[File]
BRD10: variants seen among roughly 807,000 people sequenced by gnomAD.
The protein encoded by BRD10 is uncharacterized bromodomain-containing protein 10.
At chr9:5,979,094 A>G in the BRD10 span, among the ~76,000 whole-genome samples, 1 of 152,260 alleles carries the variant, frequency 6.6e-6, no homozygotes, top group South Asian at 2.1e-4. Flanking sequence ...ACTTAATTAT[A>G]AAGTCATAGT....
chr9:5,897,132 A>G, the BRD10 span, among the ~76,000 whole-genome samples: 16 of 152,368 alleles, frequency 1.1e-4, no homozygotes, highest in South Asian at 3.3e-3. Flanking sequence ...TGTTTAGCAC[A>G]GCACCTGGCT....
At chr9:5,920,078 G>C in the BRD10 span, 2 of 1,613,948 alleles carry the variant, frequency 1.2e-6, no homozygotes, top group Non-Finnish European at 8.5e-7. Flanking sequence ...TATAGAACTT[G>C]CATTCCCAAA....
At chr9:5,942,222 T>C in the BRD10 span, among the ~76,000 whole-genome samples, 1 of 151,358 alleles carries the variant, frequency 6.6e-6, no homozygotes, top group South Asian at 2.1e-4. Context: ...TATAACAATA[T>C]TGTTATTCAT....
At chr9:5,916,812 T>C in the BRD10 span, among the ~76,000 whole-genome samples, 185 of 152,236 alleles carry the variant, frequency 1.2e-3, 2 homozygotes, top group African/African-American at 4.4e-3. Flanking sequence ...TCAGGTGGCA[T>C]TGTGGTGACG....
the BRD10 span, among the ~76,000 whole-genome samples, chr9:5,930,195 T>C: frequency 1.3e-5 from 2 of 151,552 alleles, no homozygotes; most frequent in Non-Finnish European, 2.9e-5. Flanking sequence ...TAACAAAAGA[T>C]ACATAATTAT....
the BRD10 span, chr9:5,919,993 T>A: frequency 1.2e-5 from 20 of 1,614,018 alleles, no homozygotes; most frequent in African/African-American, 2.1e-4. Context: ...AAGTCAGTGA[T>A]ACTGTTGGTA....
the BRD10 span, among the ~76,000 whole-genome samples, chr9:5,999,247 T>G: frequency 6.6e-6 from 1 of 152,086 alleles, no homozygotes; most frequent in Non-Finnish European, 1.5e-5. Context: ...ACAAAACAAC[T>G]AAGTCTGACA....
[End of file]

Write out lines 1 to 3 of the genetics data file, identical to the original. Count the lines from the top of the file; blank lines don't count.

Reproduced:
BRD10: variants seen among roughly 807,000 people sequenced by gnomAD.
The protein encoded by BRD10 is uncharacterized bromodomain-containing protein 10.
At chr9:5,979,094 A>G in the BRD10 span, among the ~76,000 whole-genome samples, 1 of 152,260 alleles carries the variant, frequency 6.6e-6, no homozygotes, top group South Asian at 2.1e-4. Flanking sequence ...ACTTAATTAT[A>G]AAGTCATAGT....